Human epidermal growth factor receptor 2 (HER2)/Neu is a kinase protein involved in normal cell growth. Sometimes there are errors in the A sequence in the DNA which can be passed down from parent to child. Genes helps determine physical and functional traits for the body. that control the HER2 protein. This causes us to make too much of it helping breast cancer cells to grow quickly. This overexpression of HER2 occurs in 15-20% of breast cancers, sometimes in combination with hormone-positive disease, but sometimes independent of A chemical substance produced in the body that controls and regulates the activity of certain cells or organs. positivity. Expression of the protein on the cancer cell forms the basis of how we diagnose HER2+ breast cancer if the A mass of cells that can be benign or malignant. strongly expresses the protein (3+) or moderately expresses (2 +) but shows signs that a cell is amplifying HER2 genes (Fluorescence in situ hybridization (FISH) is a test that “maps” the genetic material in a person's cells. This test can be used to visualize specific genes or portions of genes. FISH testing is done on breast cancer tissue removed during biopsy to see if the cells have extra copies of the HER2 gene). There is growing interest in HER2 low A mass of cells that can be benign or malignant. that express HER2 weakly (1+, 2+ but FISH negative).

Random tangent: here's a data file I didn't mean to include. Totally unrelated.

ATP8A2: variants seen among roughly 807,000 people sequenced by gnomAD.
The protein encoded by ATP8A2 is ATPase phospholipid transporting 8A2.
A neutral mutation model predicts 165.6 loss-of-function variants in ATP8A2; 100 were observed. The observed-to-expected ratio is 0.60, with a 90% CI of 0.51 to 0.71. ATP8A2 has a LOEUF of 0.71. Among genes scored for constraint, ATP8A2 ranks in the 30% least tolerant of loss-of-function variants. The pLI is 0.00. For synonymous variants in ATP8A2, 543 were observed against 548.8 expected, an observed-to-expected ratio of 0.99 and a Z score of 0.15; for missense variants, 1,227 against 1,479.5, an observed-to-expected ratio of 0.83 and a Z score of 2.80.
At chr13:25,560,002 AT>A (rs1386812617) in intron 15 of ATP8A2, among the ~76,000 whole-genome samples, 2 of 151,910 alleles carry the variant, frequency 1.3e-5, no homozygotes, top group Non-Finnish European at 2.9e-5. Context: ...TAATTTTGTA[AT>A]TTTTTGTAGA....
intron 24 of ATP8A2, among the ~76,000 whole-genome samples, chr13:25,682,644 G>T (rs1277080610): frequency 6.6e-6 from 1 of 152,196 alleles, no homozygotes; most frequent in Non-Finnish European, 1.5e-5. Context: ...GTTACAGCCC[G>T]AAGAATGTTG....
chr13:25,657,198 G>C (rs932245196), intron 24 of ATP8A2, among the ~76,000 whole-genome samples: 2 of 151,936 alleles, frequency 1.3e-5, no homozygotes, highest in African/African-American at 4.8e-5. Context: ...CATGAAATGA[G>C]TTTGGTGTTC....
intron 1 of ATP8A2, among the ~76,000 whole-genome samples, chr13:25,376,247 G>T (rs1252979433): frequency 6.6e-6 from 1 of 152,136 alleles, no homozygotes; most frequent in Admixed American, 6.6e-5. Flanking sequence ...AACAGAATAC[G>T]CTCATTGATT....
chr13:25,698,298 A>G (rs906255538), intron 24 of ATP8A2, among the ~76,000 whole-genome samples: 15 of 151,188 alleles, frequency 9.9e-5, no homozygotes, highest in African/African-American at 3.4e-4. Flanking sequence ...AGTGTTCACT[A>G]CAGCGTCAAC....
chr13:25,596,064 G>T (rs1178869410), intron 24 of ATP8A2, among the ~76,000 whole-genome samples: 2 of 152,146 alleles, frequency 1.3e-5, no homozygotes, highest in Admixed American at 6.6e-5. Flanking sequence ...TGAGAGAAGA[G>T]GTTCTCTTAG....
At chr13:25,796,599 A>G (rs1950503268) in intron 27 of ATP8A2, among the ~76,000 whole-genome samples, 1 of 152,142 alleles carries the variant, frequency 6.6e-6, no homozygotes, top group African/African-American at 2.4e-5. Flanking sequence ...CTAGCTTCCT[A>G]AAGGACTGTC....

When compared to breast cancers fueled solely by A chemical substance produced in the body that controls and regulates the activity of certain cells or organs. such as A female sex hormone that is primarily produced by the ovaries. Its primary function is to regulate the menstrual cycle and assist in the production of secondary sex characteristics such as breasts. It may even play a role in the production of cancer cells in the breast tissue. and A hormone that stimulates the uterus to prepare for pregnancy, produced mainly by the ovaries. Progesterone may play a role in certain breast cancers., HER2+ cancers will grow about 25% more aggressively, if left untreated. They grow faster, are more likely to metastasize and recur. Recurrences tend to happen earlier when compared to hormone-driven cancers, typically within 2-5 years. Brain metastases are more common, as well.